Nov. 8, 2018
Sending in the Cavalry: The Growing Militarization of Counterterrorism in Southeast Asia
Philippines, which lasted from May to October 2017, constitutes a watershed moment in the evolution of the terrorist threat in Southeast Asia. Pro–Islamic State of Iraq and the Levant (ISIL) militants threatened to turn Marawi into “the Mosul of Southeast Asia,” with their astounding ability to operate large groups capable of controlling territory and exposing the inadequacy of the region’s security services. Although member countries of the Association of Southeast Asian Nations (ASEAN) had pondered the question of possible participation by their armed forces in counterterrorism well before the Battle, it is undeniable that Marawi has become the catalyst behind the regional drive to militarize counterterrorism efforts in Southeast Asia.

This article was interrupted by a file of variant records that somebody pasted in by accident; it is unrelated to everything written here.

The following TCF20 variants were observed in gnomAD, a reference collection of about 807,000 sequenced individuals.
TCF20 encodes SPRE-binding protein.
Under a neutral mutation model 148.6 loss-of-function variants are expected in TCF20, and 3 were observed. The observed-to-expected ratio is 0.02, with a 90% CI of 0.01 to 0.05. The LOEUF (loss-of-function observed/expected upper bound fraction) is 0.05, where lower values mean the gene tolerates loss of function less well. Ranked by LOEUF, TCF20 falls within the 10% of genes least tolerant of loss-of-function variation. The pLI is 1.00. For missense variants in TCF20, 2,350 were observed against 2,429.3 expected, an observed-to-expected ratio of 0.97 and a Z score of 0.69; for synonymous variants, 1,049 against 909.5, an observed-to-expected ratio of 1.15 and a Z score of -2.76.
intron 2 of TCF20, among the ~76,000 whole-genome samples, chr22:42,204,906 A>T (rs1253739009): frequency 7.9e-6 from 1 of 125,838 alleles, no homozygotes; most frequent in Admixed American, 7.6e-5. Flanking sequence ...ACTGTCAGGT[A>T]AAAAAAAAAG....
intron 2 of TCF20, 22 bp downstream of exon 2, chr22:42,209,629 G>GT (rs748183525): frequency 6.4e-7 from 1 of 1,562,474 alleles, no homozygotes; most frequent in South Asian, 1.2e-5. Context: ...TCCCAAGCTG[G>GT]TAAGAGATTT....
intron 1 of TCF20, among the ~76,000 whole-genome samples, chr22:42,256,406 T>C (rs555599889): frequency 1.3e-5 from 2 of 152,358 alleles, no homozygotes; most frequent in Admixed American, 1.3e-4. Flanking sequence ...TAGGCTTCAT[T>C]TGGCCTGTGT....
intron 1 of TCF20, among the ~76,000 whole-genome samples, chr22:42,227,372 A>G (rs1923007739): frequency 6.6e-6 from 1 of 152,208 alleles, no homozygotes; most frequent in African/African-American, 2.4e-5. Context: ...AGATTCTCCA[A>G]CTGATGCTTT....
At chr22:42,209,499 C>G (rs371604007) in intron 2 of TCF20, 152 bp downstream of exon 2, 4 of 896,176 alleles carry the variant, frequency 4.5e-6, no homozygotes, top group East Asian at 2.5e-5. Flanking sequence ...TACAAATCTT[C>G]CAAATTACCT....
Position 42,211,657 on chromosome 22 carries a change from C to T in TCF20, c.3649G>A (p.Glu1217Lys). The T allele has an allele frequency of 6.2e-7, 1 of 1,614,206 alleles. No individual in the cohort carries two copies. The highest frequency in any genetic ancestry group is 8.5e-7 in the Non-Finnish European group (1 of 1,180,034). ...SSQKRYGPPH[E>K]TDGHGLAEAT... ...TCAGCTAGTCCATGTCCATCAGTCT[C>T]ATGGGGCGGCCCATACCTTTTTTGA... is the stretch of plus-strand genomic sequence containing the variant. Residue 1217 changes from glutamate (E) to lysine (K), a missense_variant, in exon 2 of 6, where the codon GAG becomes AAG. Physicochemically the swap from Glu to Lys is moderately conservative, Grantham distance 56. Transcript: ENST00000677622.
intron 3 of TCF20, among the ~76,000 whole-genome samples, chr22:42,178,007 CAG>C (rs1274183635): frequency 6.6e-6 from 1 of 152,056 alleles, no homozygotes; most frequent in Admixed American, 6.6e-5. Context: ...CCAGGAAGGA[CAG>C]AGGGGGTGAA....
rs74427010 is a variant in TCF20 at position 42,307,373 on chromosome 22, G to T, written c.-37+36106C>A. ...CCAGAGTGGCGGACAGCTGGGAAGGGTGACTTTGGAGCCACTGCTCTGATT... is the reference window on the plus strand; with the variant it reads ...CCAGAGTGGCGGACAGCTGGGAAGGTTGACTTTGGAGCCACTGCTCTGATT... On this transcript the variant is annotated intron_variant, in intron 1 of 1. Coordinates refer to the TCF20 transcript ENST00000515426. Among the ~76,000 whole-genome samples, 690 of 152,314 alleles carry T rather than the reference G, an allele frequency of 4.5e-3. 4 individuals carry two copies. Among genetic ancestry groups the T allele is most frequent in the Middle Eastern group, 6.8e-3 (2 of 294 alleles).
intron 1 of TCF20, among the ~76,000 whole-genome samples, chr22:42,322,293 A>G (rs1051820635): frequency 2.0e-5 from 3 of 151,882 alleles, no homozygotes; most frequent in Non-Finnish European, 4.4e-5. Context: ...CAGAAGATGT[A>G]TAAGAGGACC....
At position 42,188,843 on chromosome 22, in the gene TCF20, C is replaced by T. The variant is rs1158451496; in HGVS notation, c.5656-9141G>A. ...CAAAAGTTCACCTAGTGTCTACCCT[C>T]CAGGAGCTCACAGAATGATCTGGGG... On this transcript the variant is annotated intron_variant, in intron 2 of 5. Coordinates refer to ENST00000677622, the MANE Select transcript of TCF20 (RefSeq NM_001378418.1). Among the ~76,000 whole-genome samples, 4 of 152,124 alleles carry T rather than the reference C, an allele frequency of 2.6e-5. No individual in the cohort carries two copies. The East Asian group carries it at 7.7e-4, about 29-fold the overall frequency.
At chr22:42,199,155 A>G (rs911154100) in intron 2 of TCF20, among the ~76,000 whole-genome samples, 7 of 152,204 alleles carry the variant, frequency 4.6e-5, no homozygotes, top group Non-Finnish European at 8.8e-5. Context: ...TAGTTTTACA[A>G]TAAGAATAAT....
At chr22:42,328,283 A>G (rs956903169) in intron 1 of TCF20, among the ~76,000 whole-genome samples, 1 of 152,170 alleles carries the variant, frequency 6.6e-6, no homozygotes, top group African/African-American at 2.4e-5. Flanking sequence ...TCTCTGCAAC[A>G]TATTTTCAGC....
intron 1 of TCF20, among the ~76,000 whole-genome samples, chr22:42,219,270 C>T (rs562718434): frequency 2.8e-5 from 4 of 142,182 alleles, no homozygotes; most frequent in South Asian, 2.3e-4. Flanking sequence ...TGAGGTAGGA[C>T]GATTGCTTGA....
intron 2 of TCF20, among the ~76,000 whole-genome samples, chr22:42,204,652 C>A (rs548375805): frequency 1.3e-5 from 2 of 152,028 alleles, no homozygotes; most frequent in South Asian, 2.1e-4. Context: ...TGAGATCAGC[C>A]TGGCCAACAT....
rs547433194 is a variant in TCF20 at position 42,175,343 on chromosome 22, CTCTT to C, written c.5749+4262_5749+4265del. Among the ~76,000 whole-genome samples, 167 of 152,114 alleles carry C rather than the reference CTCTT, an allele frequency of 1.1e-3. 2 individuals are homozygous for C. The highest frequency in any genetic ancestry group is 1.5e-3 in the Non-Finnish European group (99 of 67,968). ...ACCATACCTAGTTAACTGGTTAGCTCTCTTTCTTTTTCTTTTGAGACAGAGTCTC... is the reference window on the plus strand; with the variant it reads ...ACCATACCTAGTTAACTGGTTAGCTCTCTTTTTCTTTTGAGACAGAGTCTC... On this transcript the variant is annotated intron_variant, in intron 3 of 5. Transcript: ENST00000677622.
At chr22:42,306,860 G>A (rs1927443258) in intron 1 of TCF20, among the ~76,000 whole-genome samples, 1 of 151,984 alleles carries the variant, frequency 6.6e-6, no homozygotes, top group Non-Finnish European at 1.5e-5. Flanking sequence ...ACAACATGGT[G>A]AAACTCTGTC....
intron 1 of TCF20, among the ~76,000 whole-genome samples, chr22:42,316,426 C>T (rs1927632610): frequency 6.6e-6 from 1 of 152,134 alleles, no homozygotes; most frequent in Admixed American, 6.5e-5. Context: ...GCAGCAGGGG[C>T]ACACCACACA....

Cooperative frameworks furnished by ASEAN have since taken on added significance, especially the defense-oriented arrangements that bring together the defense establishments and armed forces of the ASEAN countries as well as those of external powers including China, India, Japan, and the United States. The growing militarization of counterterrorism efforts will neither be easy nor straightforward, given longstanding regional sensitivities and the potentially diversive ramifications that excessive securitization could have for democratic life within ASEAN countries.